Dalien has presented no evidence that Dr. Jackson represented that he had better vision than his competitors or somehow relied on his vision to promote his business," Judge Russell Hartman wrote for the court. However, the court didn't say Ms. Dalien didn't have a case--just that she didnt have a case under the CPA. Referencing her other suit, the court said, "To the extent that Dr. Jackson's eye injury may have affected his ability to examine, diagnose, treat, or care for his patients, that question is actionable under the negligence theory, which Dalien is pursuing in her original lawsuit.

If you want to sue under Washington's Consumer Protection Act, make sure they advertise their excellent vision allows them to see your head before they implant a cow bone in it. Murrow, William F. Buckley Jr. As the old Sesame Street song said, it would appear that one of these things just doesn't belong here. Well, that's not what the producers of the television show, Bait Car, say.

They argue their show is real journalism, and--in an attempt to avoid producing evidence in a California court proceeding--they say their photographers are journalists. In recognition of this creative legal argument, their case gets to be our Case of the Week. What is a Journalist? The proliferation of new media sources has created a novel question: Just what is a journalist?

Must one possess government-issued press credentials, sending shivers down the spines of First Amendment advocates? How about a requirement that you earn your living from journalism? Perhaps there should be a requirement that at least your Aunt Betsy actually read what you write? This question has taken on real legal significance as the U. Congress and many states have tried to implement so-called reporters' shield laws.

These laws attempt to protect reporters and their confidential sources by shielding confidential information from disclosure to courts and third parties. Although there has been substantial progress, a federal shield law has not yet passed.

However, 40 states and the District of Columbia have shield laws, with many states enacting them after what some argued were Bush administration abuses, prosecutorial attacks on the press, and the prosecution of New York Times reporter Judith Miller.

Some Republican lawmakers cited national security concerns with reporters' shield legislation, and others had a more fundamental issue: How do you go about deciding which writers get to be journalists in a New Media world vs. Old Media world? Many hipsters sipping lattes at Starbucks like to bash so-called Old Media.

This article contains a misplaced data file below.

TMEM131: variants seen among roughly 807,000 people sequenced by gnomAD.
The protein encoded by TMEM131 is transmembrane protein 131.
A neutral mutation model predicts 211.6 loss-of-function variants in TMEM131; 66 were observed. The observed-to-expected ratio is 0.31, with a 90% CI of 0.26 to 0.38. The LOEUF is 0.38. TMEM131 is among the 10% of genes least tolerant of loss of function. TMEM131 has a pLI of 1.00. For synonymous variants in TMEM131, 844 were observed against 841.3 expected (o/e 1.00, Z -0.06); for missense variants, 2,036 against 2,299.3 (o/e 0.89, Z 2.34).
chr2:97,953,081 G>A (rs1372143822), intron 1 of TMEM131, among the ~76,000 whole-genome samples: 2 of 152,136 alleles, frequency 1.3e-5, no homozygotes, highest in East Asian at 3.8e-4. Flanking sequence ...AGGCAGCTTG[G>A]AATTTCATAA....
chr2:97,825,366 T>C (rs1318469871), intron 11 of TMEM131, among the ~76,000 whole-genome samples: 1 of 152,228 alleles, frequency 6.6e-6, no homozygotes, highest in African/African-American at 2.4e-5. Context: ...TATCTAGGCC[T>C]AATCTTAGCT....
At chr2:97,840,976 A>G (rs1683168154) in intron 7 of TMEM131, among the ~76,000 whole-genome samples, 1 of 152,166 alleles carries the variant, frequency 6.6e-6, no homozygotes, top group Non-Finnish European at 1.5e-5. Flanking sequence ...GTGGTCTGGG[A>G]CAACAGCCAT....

As they iPad away their afternoons, bowing before the altar of New Media, they mock institutions such as The Wall Street Journal as the old media of their grandparents, and--bless their little black turtlenecks and Birkenstocks--they weren't fooled by Rupert Murdoch's purchase of Myspace. Silly, Rupert, New Media is for hip kids. But, the beautiful world of blogging Brown alumni opining on global warming and Maya Angelous contributions to literature while their conservative brethren blog on banks and hedge funds may be in for a shock to its modern sensibilities.

There may be unwanted guests at this post-modern, online clambake, and it may be a sign of things to come. In Bait Car, the producers work with local police to place an unlocked car with keys in the ignition out on the street. Its the bait for would-be car thieves. Get it, bait, car?

Many unsuspecting citizens, including Joseph Bullard, took the bait. Or did he? In the case of People v. Bullard argued that he was merely being a good citizen, moving the Bait Car out of its illegal parking spot. He also argued selective prosecution. Bullard, a gentleman who enjoys cross-dressing, argued it was no coincidence that the unholy trinity of producers, police, and prosecutors arranged for the Bait Car to be placed outside Divas, a well-known, somewhat risque San Francisco transgendered club.

Police countered that they just picked an area known for car theft. To prove Mr. Not so fast, said KKI. Arguing that Bait Car was journalism and that the intrepid Bait Car photographers were, in fact, journalists and so under California's reporters shield law, KKI refused. Judge Sandoval wasn't buying it. He rejected KKI's reporters shield argument, and demanded the tapes. Funny thing.

You may have laughed at Mr. Bullard's "I was only helping by moving the car" argument, but prosecutors dropped the charges against Mr. Future of Journalism? Bait Car's producers were working with prosecutors, turning over their tapes to the district attorney's office, and that cooperation with cops was fatal to their legal argument, according to Judge Sandoval and legal journalism experts. Dalglish added. People v. Bullard does not decide the law on the contentious issue of who gets to be a reporter in the eyes of the law--although it does put Californians on notice that, if youre in cahoots with the cops, you probably don't get to be one, at least for reporters shield purposes.

The case also illustrates that the cozy little blogging world at Starbucks and beyond is also in the midst of a culture shift. Yes, the Fourth Estate is becoming a very big tent in every respect imaginable Combine the two - the theory went - and you would have what one of those MBA-types might call, synergy. Activision and Ms. Stefani thought so This week's Case of the Week illustrates the legal principle of the right of publicity. It also puts us on notice with the following legal poetry: Make Gwen Stefani a dude, and you're gonna get sued.